A CHECKLIST FOR METAPHYSICS AND ETHICS
A brief field guide to some metaphysical and ethical claims
__________________________________________ Author, article, or position considered
Check whichever position (s) apply to the above. Circle any details that apply, or add something not covered here.
Not everyone uses metaphysical and ethical terms in exactly the same ways.
____METAPHYSICS IS NONSENSE, incapable of being proved by sensory experience (which some critics consider all knowledge to be), a waste of time. Comte, Logical Positivists, analytic philosphers, destructive postmodernists (as distinguished from the constructive postmodernists of process thought).
____METAPHYSICS is occult knowledge and practice, a popular New Age understanding.
____METAPHYSICS is "the endeavour to frame a coherent, logical, necessary system of general ideas in terms of which every element of our experience can be interpreted [so] everything of which we are conscious, as enjoyed, perceived, willed, or thought, shall have the character of a particular instance of the general scheme." Whitehead, Process and Reality, p. 4.
____(Cartesian) DUALISM: There are two types of reality, matter (extended in space) and mind (thought, feeling, willing, etc. not extended in space, not occupying space), neither reducible to the other. (Qualitatively and quantitatively pluralistic: more than one type of reality and more than one unit of reality.) Descartes, Locke.
Traditional Western religions are metaphysically dualistic (and largely ethically dualistic, with a good God and an evil devil (derived from Zoroastrianism).
____ MATERIALISM (naturalism, atheism): There is only one type of reality, matter or lifeless energy, and mind is only an appearance of it. (Qualitatively monistic, quantitatively pluralistic.) Ancient atomists, Hobbes.
IDEALISM: Everything is mind (experience, living energy), and matter is only an appearance of it. (All varieties of idealism are qualitatively monistic, but there are both quantitatively monistic and quantitatively pluralistic types of idealism.)
____ Quantitatively monistic (acosmic pantheism): There is only one mind (God or Absolute), with the world a mere illusion. Hindu Vedanta , Hegel, Schopenhauer.
Quantitatively (numerically) pluralistic:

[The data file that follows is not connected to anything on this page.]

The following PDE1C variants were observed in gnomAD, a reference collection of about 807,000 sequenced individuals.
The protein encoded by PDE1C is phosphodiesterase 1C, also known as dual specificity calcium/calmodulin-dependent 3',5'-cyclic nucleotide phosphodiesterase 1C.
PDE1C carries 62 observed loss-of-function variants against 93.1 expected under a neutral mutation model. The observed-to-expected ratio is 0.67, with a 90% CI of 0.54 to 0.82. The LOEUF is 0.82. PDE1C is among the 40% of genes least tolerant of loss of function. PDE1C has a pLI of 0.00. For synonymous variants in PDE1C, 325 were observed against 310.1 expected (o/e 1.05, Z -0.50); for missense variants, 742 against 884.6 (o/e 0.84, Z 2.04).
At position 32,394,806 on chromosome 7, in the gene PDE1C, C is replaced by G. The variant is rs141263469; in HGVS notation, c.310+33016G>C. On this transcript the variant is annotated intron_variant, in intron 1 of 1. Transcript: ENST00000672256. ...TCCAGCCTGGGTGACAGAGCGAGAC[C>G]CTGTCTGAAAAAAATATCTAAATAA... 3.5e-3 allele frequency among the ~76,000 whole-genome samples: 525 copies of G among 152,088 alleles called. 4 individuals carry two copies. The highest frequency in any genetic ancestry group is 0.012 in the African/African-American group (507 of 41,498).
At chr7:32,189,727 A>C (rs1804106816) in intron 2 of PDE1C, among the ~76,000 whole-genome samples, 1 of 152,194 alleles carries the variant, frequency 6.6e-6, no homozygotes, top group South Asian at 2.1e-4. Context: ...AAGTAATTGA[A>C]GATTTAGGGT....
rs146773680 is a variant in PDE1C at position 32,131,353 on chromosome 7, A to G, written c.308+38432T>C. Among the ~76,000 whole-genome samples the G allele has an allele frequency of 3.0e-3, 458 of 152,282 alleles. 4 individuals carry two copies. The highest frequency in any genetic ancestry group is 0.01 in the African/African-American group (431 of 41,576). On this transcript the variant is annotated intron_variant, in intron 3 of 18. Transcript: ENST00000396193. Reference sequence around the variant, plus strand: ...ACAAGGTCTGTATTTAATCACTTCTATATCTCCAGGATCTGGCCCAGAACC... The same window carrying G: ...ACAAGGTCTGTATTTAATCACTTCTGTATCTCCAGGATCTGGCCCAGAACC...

____Personalism: There is the divine person (God) and God-created finite persons; nature is God’s energizing, God acting as nature. Bowne, Brightman, Flewelling, Bertocci.
____Panpsychism: There are innumerable minds (experiences, living units of energy), ranging from the most simple subatomic realities to God. Each experience feels (prehends, takes in) all earlier experiences nonlocally, and generally unconsciously blends these with perfect possibilities for newness offered by God. Many collections of experiences (stones, tables, etc.) are nonliving, although they are composed of nothing but living experiences. An animal has a dominant mind (succession of experiences) coordinating the vast number of minds-experiences constituting the body. The panpsychism deriving largely from Whitehead is sometimes called panexperientialism, as well as process (or process-relational) philosophy (or, more broadly, process thought), referred to by Whitehead as the philosophy of organism. In relation to God’s including everything within himself and everything’s including God, it is called panentheism. In a non-process form, Leibniz; in process form, in varying degrees of development, some Buddhists, Peirce, James, Whitehead, Hartshorne, Cobb, Griffin, and many other current thinkers, although still a minority view.
____EMOTIVISM: Ethical statements express preferences, but do not convey knowledge.
____ETHICAL RELATIVISM: There are no universally-applicable standards, but there are right and wrong for the societies accepting them. It makes ethical progress and comparisons impossible.
____ETHICAL NIHILISM: Extreme or individual relativism. There are no binding ethical principles.
____ETHICAL UNIVERSALISM: There are ethical standards applicable to all people, based on common human nature.
____ETHICAL ABSOLUTISM agrees on the universal applicability of ethical standards, but goes farther, saying that they are permanently established on the basis of something transcending the world, such as God or Plato's forms.
____ETHICAL EGOISM: One should put one's own interests first. Arguably, it need not necessarily be hedonistic.
TELEOLOGICAL, CONSEQUENTIAL, END-ORIENTED, AXIOLOGICAL, VALUE-CENTERED, emphasizing the good–desirable, worthwhile--as the key to ethical behavior; the ethical theory resulting is characterized by value fulfillment, and the right becomes one aspect of that fulfillment, namely the set of obligations to others that must be respected in reaching the good.